posted by chrisfromthelc at 9:32 AM on August 20, 2008

No screwing with CygWin.

Word. It comes with Ruby, Python, Perl and Apache installed. If your bash chops strong, Terminal will be a great friend. If you are a web developer, a MacBook Pro is just a great machine to use.

I get infuriated if I try to use a Mac

I had the very same experience switching from Linux to 10.1. That goes away.
posted by YoBananaBoy at 9:38 AM on August 20, 2008

This is not an argument you can, IMO, win with logic. Your IT department is basically telling you they don't want to give you a Mac, most likely because they don't want to support it. They know there is no concise set of data on this thing (for any platform, for that matter). Every piece of evidence you present will be countered with some incompatibility/expense/hassle.

I've been in this scenario, and I've watched it happen from the sidelines. It's a completely political argument, not a practical one. One of 2 things is going to happen, depending on your work culture:

- IT calls the shots. You're not getting that Mac.

- Developers call the shots. Whomever runs your group tells IT to fuck off and buy you a Mac because it's what you want and he wants his developers to be comfortable.
posted by mkultra at 9:49 AM on August 20, 2008

It should be a fairly straightforward argument that YOU will be more productive because this is the computer system YOU already know. No?
posted by scarabic at 9:51 AM on August 20, 2008

Your IT department is basically telling you they don't want to give you a Mac, most likely because they don't want to support it

This was also my interpretation. I don't know how it's used where you work, but over here "show us a business case" is code for "prove that this will save the company money or take a hike". My guess is that you are not going to be able to say that this will save X number of dollars in a way that will convince anybody.

The only way I've seen to get around the business case requirement is to escalate the issue high enough up the corporate food chain that some bigwig tells them to forget the business case and just do it.
posted by burnmp3s at 10:07 AM on August 20, 2008

Just because you work faster on a Mac than elsewhere doesn't mean that it's better for your employer if you use a Mac. Perhaps IT doesn't have the necessary background to do a good job keeping your system in line with everybody else's.

I'm wary of majick's comments. The "OSX has superior uptime" argument is one generally made by people who haven't used Windows in a long time. My Vista machine stays up as long as I want it to. And this argument also completely ignores Linux, which of course has excellent uptime as well. Bottom line: all the major operating systems are mature enough at this point that uptime is not a significant concern, unless you're doing something wildly non-standard with your machine.

Similarly, "Mac users are self-supporting" is meaningless in the context of an office. It's not just that your individual computer needs to stay on and functional, it's that your individual computer needs to play nice with whatever network infrastructure/other office-wide technical issues are at play. If IT doesn't have the expertise, then you having a Mac is going to cost them time as they play catch up. If the office is using some Windows-only software, having to come up with a workaround for you is going to cost time and money.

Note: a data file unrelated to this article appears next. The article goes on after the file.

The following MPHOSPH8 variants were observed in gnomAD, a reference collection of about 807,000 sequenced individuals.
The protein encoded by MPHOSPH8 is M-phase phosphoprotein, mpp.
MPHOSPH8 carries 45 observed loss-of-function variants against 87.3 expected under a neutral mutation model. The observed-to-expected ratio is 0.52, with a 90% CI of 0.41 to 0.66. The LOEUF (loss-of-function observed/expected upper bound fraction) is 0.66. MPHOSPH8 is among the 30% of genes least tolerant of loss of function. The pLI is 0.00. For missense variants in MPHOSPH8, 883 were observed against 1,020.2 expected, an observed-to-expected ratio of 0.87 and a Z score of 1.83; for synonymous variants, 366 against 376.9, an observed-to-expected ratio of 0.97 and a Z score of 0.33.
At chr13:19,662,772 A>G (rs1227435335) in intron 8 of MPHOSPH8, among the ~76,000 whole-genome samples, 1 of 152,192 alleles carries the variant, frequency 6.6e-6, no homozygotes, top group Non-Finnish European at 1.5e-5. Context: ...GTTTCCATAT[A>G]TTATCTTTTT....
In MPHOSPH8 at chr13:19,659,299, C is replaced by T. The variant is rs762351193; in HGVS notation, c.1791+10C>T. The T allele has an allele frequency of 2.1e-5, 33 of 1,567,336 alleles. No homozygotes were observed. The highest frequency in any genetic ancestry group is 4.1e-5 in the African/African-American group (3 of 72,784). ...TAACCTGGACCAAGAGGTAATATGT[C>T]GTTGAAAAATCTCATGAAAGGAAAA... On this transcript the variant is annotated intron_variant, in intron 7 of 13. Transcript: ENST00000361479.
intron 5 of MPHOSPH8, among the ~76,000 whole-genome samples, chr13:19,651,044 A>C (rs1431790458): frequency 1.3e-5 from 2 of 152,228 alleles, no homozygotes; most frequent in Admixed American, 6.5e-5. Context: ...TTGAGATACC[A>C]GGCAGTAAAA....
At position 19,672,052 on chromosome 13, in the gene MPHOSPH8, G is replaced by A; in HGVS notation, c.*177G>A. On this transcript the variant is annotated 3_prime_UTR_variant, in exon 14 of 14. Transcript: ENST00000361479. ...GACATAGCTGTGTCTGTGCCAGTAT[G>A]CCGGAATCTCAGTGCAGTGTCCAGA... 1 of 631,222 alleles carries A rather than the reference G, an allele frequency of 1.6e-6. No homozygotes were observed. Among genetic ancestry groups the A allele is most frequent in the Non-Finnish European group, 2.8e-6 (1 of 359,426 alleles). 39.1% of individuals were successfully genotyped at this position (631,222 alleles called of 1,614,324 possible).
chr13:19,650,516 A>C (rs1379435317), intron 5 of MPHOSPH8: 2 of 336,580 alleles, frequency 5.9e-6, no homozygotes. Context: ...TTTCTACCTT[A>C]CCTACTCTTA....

While you don't mention anything about these issues, my guess is that since they want you to make a case as to why you should be able to use a Mac, there are issues that would crop up because you've decided to think different. After all, if there was no problem with letting you be off in your own little world, they'd just tell you to get whatever you like and be on your merry.
posted by sinfony at 10:20 AM on August 20, 2008

Likely arguments against you having a Mac from the IT department:

* Incompatibility with enterprise inventory system

* Incompatibility with enterprise anti-virus software

* Incompatibility with license management and audit tools

* Incompatibility with software deployment tools

* Incompatibility with enterprise backup system

* Integration issues with enterprise authentication/authorisation system e.g. Active Directory

* Inability for helpdesk staff to provide support

Those are the arguments I would use if someone where I work wanted a Mac on their desk. None of those problems are showstoppers for someone who knows Macs well, but if there's little or no Mac expertise on the IT staff, are we really going to hire someone just to support you? Probably not.

You may say; I'll never call the helpdesk, I'll manage my own antivirus, I'll do my own backups, I'll integrate the machine with AD myself (just tell me the domain admin password...) I'll keep my own JVM up to date, etc etc. And maybe you really can and really would.